have one of its AI Smart speakers, including the bedroom, so the moment I
walk in, the lights automatically turn on. Let’s see if she recognizes
me with an accent. I got her to recognize me and
she just said, “What’s up?” Earlier when I walked into
the room she told me, “Welcome back home, you
must be very tired, go to sleep.” She has quite a personality. The Mi AI Speaker is Xiaomi’s answer to
the Google Home or the Amazon Echo. While Xiaomi sold nearly three million smart
speakers in the second quarter of 2019, it still trails behind its Chinese
rivals Baidu and Alibaba. This store was open just about two years ago, but
one of the first things I noticed is just across from it, Xiaomi is preparing to open a brand-new
space but this one will be focused on lifestyle products and things
related to the smart home. While many of these products carry the Xiaomi
name, not all are actually made by Xiaomi. Take for instance, air purifier
company SmartMi. It’s one of the 270 startups
that Xiaomi invests in. Xiaomi helped SmartMi in significant ways
because we use Xiaomi channel to sell products. Its products are sold in Xiaomi stores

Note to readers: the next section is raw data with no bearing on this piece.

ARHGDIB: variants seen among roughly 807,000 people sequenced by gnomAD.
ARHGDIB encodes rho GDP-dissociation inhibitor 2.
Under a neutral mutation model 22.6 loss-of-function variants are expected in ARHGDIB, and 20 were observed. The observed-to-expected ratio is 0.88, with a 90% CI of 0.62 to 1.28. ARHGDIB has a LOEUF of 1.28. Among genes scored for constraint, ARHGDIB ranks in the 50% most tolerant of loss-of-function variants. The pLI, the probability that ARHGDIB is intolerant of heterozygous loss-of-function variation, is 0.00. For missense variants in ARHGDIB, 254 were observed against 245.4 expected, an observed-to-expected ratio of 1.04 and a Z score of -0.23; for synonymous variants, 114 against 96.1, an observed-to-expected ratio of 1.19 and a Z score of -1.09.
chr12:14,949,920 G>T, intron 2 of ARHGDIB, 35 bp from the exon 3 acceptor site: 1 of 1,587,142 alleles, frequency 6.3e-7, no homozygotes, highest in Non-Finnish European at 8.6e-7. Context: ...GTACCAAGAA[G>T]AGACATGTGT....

but also, through its own channels, too. SmartMi has grown to become China’s
number one selling air purifier. Consumers will know, “This product
is really good, its from Xiaomi. Oh, they also have their
own brand called SmartMi.” SmartMi even hopes
to one day go public. And just like Xiaomi, SmartMi is pushing
for success outside of China too. Right now 41,000 of your products are being
used in India, and you can track this in real time. Right. It’s startups like this that have helped
push Xiaomi’s international reach. How do you continue
the momentum? You have to keep the
innovating spirit. The smartphone market is very, very, very competitive.
You have to do a lot of exciting things everyday. Xiaomi turns 10 years old next year and in
under a decade it’s been able to do what many companies here in this country
haven’t done, succeed outside of China. But just how big this company can
get, well that’s anybody’s guess. Hey guys, it’s Uptin.